The Enduring Still Life
The art of the still life, known also by the French word the nature morte, is a subject long favored by artists and is a sustained practice within contemporary visual art making. The versatility of it, as well as the freedom it affords in terms of composition and content has cemented the genre within art history.
Fourth Style wall painting from Herculaneum, Italy, c. 62-69 C.E.
The origins of this painting tradition can be traced back to the Middle Ages, as well as Ancient Greco-Roman art. The still life genre was revitalized again by the Modernists who saw the potential of it as a vehicle to explore subversive, controversial and revolutionary ideas. In Margit Rowell’s catalogue essay for the exhibition Objects of Desire: Modern Still Life (Museum of Modern Art, New York 1997), she links the changing importance of still life to the development of the avant-garde. Morandi’s pre-minimalist bottle arrangements, Cezanne’s peaches, and Picasso’s Cubist guitar compositions are just a few of the avant-garde interpretations of the classic genre.
Paul Cézanne, Still Life: Plate of Peaches (Assiette de pêches ), 1839.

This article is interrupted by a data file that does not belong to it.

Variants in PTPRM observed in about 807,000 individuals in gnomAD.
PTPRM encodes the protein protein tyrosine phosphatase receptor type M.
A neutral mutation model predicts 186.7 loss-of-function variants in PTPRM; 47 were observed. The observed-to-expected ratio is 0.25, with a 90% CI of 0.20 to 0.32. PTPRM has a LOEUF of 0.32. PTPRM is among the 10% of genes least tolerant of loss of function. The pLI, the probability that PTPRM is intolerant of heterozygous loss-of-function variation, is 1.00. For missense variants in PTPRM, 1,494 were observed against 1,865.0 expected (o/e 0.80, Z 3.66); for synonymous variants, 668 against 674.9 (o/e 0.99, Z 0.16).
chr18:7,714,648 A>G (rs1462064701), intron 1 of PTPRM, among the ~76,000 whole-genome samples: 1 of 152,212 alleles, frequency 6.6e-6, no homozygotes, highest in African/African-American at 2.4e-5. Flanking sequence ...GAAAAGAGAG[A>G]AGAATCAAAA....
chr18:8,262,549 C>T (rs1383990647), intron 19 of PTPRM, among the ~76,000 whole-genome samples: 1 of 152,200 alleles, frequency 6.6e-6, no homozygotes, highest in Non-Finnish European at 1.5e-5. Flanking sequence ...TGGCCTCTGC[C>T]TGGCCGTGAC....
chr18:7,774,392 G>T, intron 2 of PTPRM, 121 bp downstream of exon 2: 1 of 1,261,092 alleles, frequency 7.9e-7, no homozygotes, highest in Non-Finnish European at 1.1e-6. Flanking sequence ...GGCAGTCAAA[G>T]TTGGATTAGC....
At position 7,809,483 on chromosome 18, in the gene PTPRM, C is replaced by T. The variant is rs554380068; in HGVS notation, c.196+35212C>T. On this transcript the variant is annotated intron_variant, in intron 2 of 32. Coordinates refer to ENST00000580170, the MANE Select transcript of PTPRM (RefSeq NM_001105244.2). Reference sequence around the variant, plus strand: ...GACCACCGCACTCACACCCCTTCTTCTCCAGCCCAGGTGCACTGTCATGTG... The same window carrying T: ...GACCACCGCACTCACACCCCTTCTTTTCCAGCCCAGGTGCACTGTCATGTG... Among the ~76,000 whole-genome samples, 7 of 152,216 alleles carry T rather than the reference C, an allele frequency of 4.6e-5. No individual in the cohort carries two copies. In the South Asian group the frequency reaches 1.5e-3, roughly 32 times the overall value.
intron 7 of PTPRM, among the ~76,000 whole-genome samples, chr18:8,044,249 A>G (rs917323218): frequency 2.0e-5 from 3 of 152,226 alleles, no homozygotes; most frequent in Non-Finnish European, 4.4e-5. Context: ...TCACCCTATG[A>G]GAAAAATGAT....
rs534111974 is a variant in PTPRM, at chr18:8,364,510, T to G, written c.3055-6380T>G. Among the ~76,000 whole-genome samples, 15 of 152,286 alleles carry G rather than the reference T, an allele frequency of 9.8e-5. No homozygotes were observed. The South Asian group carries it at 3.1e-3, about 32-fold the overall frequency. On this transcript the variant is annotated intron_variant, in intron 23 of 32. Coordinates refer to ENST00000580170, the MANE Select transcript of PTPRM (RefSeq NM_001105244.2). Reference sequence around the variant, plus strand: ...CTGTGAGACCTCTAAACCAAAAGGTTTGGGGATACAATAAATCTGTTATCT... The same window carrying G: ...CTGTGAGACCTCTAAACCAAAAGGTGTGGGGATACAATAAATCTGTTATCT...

Still life still resonates; it persists and affects the conception, production, and presentation of contemporary art. The formal tradition of still life has persevered despite tendencies to forge the new by breaking with tradition. Offering the parameters for formal investigation and providing a ground from which to rethink the way images and objects are read, the basic conventions of the still life genre have smoothly transitioned into modernity.
Artists today are using the still life to investigate contemporary issues while paying homage to the genre’s themes of perception, reality, and mortality. The tradition continues its storied legacy in the work of America Martin as her works highlight the enduring resonance of the still life.
America Martin’s work is both exuberant and refined. Working with her chosen mediums, America brings life and presence to her paintings. Martin delves into new approaches, materials and techniques with intensity and passion, while keeping a keen sense of the art historical lexicon.
Martin continues the tradition of reinventing and appropriating the genre in her artistic practice. America applies a similar approach to both her figurative as well as still life subjects, emphasizing line and texture in her own iconic and visionary style.
Playing on the dichotomy of rendering static life with ebullient energy, America Martin’s still life compositions establish a paradox for the genre- that nothing is still. Depicting space, color, and line to imply multiple planes, Martin’s ordinary objects and set in a simple arrangement contemplate form and challenge perception, ultimately placing conceptual worth that extends beyond the subject matter of her still lifes.